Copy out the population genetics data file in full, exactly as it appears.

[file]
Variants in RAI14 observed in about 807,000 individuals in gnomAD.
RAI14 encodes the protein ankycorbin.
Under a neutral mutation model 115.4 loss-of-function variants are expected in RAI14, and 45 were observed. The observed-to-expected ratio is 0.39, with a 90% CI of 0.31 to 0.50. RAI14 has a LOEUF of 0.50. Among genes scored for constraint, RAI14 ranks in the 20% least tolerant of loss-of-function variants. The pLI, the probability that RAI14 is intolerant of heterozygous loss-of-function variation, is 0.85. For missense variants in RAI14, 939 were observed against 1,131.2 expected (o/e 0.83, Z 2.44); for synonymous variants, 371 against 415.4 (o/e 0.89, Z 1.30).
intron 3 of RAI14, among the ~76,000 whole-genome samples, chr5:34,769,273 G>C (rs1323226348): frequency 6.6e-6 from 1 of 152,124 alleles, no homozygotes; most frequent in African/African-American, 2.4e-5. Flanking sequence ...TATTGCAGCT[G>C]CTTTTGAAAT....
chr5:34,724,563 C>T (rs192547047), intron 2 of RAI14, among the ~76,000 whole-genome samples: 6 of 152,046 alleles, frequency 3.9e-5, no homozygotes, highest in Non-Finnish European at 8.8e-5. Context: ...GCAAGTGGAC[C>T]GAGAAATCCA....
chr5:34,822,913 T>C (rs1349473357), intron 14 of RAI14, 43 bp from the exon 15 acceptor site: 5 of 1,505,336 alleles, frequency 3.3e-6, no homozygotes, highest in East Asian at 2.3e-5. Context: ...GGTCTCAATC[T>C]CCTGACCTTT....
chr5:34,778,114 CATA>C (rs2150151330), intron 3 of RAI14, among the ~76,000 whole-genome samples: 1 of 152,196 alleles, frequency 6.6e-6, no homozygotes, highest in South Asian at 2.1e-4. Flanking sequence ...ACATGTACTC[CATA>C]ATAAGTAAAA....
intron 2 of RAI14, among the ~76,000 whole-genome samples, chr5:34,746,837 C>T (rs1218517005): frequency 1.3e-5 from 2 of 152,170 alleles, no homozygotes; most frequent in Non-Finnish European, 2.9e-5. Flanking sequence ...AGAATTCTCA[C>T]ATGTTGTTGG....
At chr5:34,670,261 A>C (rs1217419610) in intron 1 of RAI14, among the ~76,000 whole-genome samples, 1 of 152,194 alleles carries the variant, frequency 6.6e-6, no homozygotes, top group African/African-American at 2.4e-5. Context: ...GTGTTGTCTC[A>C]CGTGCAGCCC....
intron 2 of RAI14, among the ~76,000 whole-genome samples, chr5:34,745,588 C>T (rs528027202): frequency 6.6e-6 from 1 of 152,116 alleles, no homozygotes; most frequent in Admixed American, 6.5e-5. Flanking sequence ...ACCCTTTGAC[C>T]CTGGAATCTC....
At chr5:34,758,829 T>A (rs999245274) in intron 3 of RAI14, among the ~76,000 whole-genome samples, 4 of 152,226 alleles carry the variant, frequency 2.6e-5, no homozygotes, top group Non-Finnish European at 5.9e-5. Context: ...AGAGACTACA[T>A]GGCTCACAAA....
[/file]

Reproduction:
Variants in RAI14 observed in about 807,000 individuals in gnomAD.
RAI14 encodes the protein ankycorbin.
Under a neutral mutation model 115.4 loss-of-function variants are expected in RAI14, and 45 were observed. The observed-to-expected ratio is 0.39, with a 90% CI of 0.31 to 0.50. RAI14 has a LOEUF of 0.50. Among genes scored for constraint, RAI14 ranks in the 20% least tolerant of loss-of-function variants. The pLI, the probability that RAI14 is intolerant of heterozygous loss-of-function variation, is 0.85. For missense variants in RAI14, 939 were observed against 1,131.2 expected (o/e 0.83, Z 2.44); for synonymous variants, 371 against 415.4 (o/e 0.89, Z 1.30).
intron 3 of RAI14, among the ~76,000 whole-genome samples, chr5:34,769,273 G>C (rs1323226348): frequency 6.6e-6 from 1 of 152,124 alleles, no homozygotes; most frequent in African/African-American, 2.4e-5. Flanking sequence ...TATTGCAGCT[G>C]CTTTTGAAAT....
chr5:34,724,563 C>T (rs192547047), intron 2 of RAI14, among the ~76,000 whole-genome samples: 6 of 152,046 alleles, frequency 3.9e-5, no homozygotes, highest in Non-Finnish European at 8.8e-5. Context: ...GCAAGTGGAC[C>T]GAGAAATCCA....
chr5:34,822,913 T>C (rs1349473357), intron 14 of RAI14, 43 bp from the exon 15 acceptor site: 5 of 1,505,336 alleles, frequency 3.3e-6, no homozygotes, highest in East Asian at 2.3e-5. Context: ...GGTCTCAATC[T>C]CCTGACCTTT....
chr5:34,778,114 CATA>C (rs2150151330), intron 3 of RAI14, among the ~76,000 whole-genome samples: 1 of 152,196 alleles, frequency 6.6e-6, no homozygotes, highest in South Asian at 2.1e-4. Flanking sequence ...ACATGTACTC[CATA>C]ATAAGTAAAA....
intron 2 of RAI14, among the ~76,000 whole-genome samples, chr5:34,746,837 C>T (rs1218517005): frequency 1.3e-5 from 2 of 152,170 alleles, no homozygotes; most frequent in Non-Finnish European, 2.9e-5. Flanking sequence ...AGAATTCTCA[C>T]ATGTTGTTGG....
At chr5:34,670,261 A>C (rs1217419610) in intron 1 of RAI14, among the ~76,000 whole-genome samples, 1 of 152,194 alleles carries the variant, frequency 6.6e-6, no homozygotes, top group African/African-American at 2.4e-5. Context: ...GTGTTGTCTC[A>C]CGTGCAGCCC....
intron 2 of RAI14, among the ~76,000 whole-genome samples, chr5:34,745,588 C>T (rs528027202): frequency 6.6e-6 from 1 of 152,116 alleles, no homozygotes; most frequent in Admixed American, 6.5e-5. Flanking sequence ...ACCCTTTGAC[C>T]CTGGAATCTC....
At chr5:34,758,829 T>A (rs999245274) in intron 3 of RAI14, among the ~76,000 whole-genome samples, 4 of 152,226 alleles carry the variant, frequency 2.6e-5, no homozygotes, top group Non-Finnish European at 5.9e-5. Context: ...AGAGACTACA[T>A]GGCTCACAAA....